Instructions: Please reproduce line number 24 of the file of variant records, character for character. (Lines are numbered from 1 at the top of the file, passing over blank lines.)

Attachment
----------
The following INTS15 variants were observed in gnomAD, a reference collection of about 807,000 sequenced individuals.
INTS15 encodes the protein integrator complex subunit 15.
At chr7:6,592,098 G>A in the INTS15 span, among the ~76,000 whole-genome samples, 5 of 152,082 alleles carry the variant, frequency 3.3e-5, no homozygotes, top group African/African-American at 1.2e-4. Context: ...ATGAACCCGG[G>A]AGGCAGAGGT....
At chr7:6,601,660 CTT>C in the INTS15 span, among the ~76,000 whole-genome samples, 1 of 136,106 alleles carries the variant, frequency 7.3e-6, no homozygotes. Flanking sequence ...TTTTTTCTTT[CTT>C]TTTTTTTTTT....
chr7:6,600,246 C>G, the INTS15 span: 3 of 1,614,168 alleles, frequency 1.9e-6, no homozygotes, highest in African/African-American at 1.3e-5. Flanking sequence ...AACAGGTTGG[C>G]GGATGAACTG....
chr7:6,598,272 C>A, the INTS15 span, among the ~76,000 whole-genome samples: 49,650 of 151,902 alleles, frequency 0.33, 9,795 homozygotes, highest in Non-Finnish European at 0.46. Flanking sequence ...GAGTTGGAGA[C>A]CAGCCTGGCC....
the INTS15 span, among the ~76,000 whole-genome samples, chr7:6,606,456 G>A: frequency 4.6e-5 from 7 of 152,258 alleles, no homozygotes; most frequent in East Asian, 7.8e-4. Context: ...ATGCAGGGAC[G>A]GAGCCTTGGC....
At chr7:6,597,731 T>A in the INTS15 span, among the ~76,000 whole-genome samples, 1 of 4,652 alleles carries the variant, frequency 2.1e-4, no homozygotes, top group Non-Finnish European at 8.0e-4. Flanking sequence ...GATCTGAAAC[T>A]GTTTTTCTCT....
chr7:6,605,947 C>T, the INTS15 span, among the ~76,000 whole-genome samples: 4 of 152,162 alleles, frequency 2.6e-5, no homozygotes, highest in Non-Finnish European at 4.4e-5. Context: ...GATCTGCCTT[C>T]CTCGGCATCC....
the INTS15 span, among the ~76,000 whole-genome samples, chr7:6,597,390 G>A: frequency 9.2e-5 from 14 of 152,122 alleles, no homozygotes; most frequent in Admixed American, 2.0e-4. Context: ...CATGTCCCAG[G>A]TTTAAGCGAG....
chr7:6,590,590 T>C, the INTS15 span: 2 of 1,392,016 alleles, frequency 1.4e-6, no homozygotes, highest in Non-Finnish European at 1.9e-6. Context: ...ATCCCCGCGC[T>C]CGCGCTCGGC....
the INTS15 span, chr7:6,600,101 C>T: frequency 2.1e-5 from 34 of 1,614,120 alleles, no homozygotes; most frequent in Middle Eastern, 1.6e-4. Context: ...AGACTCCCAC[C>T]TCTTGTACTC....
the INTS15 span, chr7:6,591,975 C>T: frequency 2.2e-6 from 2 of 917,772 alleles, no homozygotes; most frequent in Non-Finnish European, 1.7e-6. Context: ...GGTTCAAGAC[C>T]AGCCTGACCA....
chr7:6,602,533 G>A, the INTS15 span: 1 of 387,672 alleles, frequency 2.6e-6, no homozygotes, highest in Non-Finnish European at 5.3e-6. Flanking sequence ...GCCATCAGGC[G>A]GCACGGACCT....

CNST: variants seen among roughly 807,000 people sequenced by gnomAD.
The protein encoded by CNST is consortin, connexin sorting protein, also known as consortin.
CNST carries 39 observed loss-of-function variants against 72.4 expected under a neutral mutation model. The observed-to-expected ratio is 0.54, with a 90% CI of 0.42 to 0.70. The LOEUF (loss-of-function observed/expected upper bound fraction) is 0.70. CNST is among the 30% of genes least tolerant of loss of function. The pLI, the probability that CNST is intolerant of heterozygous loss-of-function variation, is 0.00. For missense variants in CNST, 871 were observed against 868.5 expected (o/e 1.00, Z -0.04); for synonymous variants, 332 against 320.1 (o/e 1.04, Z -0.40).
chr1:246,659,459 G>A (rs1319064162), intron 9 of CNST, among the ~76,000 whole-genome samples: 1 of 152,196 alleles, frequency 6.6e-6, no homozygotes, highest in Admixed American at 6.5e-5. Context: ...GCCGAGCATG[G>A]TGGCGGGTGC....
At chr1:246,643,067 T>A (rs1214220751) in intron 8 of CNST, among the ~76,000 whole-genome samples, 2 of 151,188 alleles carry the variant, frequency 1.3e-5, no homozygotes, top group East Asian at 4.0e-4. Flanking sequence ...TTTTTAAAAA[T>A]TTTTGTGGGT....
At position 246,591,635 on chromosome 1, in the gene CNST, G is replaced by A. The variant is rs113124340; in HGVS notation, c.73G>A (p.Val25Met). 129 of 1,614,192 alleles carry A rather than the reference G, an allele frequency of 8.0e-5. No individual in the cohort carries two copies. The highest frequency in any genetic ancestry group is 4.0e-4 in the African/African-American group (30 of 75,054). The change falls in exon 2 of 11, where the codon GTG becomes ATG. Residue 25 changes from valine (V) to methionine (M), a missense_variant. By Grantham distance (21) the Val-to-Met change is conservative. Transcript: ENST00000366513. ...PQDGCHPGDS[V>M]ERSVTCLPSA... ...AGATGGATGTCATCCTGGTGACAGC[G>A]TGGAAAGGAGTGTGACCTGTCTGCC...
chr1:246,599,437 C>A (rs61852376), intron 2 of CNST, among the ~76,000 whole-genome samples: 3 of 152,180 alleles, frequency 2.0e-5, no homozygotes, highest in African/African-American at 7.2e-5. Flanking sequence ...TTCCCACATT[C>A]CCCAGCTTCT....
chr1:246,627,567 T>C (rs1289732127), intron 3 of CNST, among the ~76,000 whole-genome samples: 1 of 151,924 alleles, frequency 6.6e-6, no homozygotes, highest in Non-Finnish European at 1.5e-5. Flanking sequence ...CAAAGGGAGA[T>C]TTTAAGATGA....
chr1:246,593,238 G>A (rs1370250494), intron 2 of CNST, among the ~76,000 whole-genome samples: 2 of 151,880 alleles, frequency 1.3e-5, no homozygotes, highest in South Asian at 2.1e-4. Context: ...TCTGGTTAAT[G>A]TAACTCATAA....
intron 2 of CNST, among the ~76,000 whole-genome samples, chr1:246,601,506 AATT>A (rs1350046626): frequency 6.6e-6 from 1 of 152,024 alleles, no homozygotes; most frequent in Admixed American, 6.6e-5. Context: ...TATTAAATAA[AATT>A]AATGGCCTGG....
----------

intron 2 of CNST, among the ~76,000 whole-genome samples, chr1:246,601,506 AATT>A (rs1350046626): frequency 6.6e-6 from 1 of 152,024 alleles, no homozygotes; most frequent in Admixed American, 6.6e-5. Context: ...TATTAAATAA[AATT>A]AATGGCCTGG....